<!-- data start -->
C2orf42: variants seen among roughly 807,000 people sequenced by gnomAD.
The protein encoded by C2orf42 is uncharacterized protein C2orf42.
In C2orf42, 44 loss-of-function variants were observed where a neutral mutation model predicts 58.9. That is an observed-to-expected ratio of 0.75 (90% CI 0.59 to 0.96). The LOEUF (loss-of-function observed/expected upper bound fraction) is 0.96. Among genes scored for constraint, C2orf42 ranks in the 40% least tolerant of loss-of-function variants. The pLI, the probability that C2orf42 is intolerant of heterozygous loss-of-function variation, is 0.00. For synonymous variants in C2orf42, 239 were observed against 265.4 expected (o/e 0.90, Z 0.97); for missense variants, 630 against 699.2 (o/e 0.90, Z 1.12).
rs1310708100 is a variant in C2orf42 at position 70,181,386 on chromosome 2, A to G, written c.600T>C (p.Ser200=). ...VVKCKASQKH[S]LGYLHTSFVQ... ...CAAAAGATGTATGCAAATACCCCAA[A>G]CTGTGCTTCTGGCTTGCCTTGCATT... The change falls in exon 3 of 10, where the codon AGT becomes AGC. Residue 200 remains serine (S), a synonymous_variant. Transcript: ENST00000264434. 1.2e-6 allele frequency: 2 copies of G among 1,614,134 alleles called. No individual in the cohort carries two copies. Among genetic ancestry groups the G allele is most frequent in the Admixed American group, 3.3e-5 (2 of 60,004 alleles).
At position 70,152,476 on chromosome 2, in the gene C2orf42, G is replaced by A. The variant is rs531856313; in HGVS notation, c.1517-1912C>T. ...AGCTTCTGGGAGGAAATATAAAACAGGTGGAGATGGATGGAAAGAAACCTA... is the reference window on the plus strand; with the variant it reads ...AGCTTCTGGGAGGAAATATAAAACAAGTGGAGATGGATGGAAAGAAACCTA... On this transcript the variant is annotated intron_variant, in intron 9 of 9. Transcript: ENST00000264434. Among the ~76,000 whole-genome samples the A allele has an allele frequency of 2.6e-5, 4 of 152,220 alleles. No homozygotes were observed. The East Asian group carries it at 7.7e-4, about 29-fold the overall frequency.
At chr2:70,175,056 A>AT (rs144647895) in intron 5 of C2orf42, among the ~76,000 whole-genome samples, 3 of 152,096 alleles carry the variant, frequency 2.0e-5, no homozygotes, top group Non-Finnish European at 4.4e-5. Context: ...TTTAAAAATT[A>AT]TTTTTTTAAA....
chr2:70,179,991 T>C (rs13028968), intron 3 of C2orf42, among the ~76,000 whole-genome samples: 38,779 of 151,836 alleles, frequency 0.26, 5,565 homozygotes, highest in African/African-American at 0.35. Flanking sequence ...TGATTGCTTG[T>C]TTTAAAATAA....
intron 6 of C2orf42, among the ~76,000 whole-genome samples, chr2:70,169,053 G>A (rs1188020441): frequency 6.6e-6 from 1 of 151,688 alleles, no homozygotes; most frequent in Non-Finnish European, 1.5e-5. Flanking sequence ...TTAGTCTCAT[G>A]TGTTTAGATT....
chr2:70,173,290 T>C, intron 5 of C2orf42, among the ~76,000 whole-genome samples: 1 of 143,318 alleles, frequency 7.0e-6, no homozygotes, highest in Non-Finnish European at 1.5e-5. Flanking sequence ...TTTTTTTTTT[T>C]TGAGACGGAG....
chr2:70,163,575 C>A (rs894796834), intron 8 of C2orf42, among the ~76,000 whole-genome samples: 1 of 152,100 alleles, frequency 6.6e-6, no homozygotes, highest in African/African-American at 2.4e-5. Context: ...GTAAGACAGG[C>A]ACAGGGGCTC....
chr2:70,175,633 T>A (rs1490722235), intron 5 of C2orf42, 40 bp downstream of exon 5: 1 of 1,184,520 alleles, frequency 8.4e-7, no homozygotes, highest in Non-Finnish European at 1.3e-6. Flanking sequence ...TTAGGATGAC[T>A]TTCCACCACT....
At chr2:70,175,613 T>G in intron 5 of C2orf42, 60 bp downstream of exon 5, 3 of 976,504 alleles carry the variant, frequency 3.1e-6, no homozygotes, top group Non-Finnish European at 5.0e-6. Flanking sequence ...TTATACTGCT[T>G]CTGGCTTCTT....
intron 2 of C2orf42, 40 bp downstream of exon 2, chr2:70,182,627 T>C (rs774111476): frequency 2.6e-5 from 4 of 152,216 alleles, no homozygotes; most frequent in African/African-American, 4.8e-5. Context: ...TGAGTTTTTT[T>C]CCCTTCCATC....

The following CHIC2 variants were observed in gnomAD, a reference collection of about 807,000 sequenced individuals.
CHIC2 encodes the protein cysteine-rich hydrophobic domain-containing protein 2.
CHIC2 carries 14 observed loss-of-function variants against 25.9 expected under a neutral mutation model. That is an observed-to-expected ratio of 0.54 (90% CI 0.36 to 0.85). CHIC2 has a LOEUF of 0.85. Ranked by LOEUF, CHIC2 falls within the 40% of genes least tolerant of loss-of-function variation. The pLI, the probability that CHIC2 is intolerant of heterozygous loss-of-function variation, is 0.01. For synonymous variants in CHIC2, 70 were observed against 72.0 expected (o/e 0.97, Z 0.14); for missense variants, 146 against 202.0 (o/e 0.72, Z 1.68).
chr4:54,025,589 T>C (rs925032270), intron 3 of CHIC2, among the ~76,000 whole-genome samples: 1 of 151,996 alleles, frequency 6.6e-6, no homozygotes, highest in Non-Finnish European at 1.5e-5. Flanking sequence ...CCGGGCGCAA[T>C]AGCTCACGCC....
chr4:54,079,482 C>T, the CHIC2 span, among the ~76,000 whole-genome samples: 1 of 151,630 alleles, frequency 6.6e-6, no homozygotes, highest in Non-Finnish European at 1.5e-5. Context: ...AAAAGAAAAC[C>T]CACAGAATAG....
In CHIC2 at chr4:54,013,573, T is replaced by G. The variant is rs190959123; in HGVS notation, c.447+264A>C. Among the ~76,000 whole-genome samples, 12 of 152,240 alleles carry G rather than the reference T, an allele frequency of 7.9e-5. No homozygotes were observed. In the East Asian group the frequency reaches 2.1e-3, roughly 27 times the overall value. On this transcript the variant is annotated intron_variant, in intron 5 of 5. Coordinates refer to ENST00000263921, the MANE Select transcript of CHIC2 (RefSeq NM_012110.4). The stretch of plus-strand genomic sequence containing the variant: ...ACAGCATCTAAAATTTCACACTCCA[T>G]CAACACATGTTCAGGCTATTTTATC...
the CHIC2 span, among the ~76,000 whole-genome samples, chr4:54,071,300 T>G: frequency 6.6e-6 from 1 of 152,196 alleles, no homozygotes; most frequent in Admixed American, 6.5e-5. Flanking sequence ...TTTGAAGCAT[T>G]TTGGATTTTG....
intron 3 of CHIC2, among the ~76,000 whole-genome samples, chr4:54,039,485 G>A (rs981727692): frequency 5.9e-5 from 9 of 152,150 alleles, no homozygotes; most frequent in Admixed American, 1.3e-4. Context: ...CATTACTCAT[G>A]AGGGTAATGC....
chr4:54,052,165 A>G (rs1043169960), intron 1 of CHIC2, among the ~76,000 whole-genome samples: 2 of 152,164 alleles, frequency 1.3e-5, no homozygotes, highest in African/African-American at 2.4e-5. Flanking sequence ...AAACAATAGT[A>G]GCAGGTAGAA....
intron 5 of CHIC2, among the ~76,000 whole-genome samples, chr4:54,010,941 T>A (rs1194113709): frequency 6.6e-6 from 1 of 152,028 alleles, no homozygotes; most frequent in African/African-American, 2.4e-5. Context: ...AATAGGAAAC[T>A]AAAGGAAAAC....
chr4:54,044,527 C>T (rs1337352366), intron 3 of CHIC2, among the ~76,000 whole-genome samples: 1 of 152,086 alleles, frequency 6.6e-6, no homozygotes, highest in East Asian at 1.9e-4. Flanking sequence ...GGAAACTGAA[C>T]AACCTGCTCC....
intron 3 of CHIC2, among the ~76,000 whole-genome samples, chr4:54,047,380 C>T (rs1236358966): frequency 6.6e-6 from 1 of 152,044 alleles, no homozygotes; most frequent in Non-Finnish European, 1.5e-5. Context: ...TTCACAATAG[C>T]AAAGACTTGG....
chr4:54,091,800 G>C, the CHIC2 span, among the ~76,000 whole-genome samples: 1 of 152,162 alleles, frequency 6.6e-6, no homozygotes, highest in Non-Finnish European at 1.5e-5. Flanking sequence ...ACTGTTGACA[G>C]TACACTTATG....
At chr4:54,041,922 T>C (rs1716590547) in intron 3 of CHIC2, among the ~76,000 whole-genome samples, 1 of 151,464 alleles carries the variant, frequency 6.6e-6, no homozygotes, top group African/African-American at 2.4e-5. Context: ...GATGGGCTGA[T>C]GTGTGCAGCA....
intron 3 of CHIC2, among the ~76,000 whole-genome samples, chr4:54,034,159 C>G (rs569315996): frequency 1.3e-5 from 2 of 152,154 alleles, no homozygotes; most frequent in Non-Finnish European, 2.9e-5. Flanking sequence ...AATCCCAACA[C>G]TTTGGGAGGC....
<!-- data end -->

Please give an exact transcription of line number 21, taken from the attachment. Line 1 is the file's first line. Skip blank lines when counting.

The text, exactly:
intron 3 of CHIC2, among the ~76,000 whole-genome samples, chr4:54,039,485 G>A (rs981727692): frequency 5.9e-5 from 9 of 152,150 alleles, no homozygotes; most frequent in Admixed American, 1.3e-4. Context: ...CATTACTCAT[G>A]AGGGTAATGC....